Theater review: 'By the Way, Meet Vera Stark' at Second Stage Theatre
From New York — Playwright Lynn Nottage is best known now for her harrowing Pulitzer Prize-winning drama “Ruined,” a play about a group of Congolese brothel workers surviving the aftermath of horrific wartime violence. But her subject matter isn’t always so dire and her style can be quite bouncy. Indeed, one of her strongest assets, as even “Ruined” found ample opportunity to flaunt, is her audacious humor.
For those who don’t know Nottage’s wide range, you’ll have to take my word that the author of such diverse works as “Intimate Apparel,” “Fabulation, or the Re-Education of Undine” and “Crumbs From the Table of Joy” has a penchant for parody and a flair for farce. Her latest play, “By the Way, Meet Vera Stark,” which opened Monday at Second Stage Theatre, finds Nottage indulging this more playful side of her sensibility.
Inspired by the scene-stealing African American actress Theresa Harris, who appeared in the 1933 movie “Baby Face” playing Barbara Stanwyck’s bosom companion, the piece spryly imagines the back story of such a groundbreaking performer in the zingy tempo of movies from that period. The subject of racism in the film industry might not seem like an ideal fit for a comedy with a screwball twist, but Nottage is too clever to preach and too much a fan of the cinematic era she’s writing about not to entertain. The giddiness of the romp isn’t easy to sustain, but her sneaky cultural critique is delivered with an ingenious wink.
Life and art freely imitate each other in Nottage’s comedy, and the production, expertly directed by Jo Bonney with a crackling, versatile cast that includes Tony-winner Karen Olivo (“West Side Story”) and a charismatic Daniel Breaker (“Passing Strange”), enjoys blurring the boundaries between film and reality. A luxurious old-fashioned movie palace curtain is part of Neil Patel’s fabulously stagey scenic design and the authentic costumes by ESosa look as if they were retrieved from a studio vault.
When we first encounter Vera, she’s helping Gloria run lines for a part in the upcoming film “The Belle of New Orleans.” The two are in Gloria’s froufrou living room, where the diva, reclining on a divan, is free to let her hair down (in other words, pout like a baby, slurp gin and rely on Vera for everything). When bigwigs drop by, however, Gloria performs the role of movie star, exchanging B-movie banter and trying (as best she can, poor dear) to keep the cracks in her glamorous facade from showing.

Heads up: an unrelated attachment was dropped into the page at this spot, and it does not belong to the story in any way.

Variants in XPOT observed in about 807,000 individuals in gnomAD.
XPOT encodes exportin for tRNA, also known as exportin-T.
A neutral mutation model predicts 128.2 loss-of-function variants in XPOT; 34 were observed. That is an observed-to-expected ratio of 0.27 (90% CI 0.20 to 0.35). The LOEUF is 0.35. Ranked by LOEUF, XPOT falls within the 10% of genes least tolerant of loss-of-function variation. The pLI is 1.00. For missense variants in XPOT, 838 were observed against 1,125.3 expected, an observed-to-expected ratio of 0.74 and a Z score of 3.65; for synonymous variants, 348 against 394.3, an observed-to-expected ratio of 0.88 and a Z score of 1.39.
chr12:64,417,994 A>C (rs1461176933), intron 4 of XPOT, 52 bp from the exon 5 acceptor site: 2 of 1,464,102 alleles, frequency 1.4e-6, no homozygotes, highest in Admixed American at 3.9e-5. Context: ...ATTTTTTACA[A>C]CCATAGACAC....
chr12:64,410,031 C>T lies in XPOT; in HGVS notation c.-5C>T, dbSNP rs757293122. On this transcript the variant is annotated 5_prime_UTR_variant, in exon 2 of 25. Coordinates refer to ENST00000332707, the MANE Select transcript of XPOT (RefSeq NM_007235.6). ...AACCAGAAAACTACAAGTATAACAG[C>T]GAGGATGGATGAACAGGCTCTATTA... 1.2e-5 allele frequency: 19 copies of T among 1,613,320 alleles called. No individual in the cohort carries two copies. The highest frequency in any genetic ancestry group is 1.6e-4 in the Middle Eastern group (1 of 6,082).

What a contrast when the scene changes to Vera’s cramped, no-frills apartment, which she shares with two other aspiring actresses, Lottie (a hilariously sassy Kimberly Hébert Gregory), who’s not opposed to playing a slave as long as the role has lines, and Anna Mae (Olivo), a sexpot who tries passing for Brazilian while sleeping with industry movers and shakers. Through the lively exchanges of these women, Nottage lays out the possibilities of black actresses in the ’30s.
Vera herself would make a Diahann Carroll-like leading lady, except that she was born a few decades too early. But she may still have a shot at getting cast in “The Belle of New Orleans,” having just met Leroy (Breaker), the charming, smooth-talking chauffeur of director Maximillian Von Oster (Kevin Isola, captivatingly eccentric), an émigré who has just discovered his social conscience.
The second act fast-forwards Vera’s story, exploring it from a variety of unexpected angles. The finale of “The Belle of New Orleans” is screened, footage of an over-the-top interview she did with talk-show host Brad Donovan (David Garrison) is performed live and a panel of pundits (played by Breaker, Gregory and a riotous Olivo) is convened to debate her legacy. The lampooning isn’t quite as crisp as it is in the first half, but the sight of Vera struggling to stay relevant in the early ’70s while battling alcoholism, money problems and her own disappointment is both comically rich and culturally haunting. (Lathan, so believable as the competent, fresh-faced striver, is equally good as the has-been about to make a stumbling final exit.)
Nottage is attuned to the specific hardships of African American actors coveting fame throughout history, and her irony detector can’t help beeping as it surveys all the social progress that has been made. But she’s also aware of how anyone in the public eye is forced to sell a part of his or her soul. In this regard, she’s an equal opportunity satirist, sending up the performing seal in all of us.
But what’s most impressive about “Vera Stark” is the way it incorporates bits and pieces from the cinematic past to make its points. We don’t just go to the movies to escape but to discover the possibilities of our identity. Nottage is operating in a farcical mode, but underneath the lighthearted cleverness is a serious grappling with the representations that, for better or worse, define us.
Photos: Top: Stephanie J. Block, left, and Sanaa Lathan. Bottom: Lathan and Daniel Breaker. Credit: Joan Marcus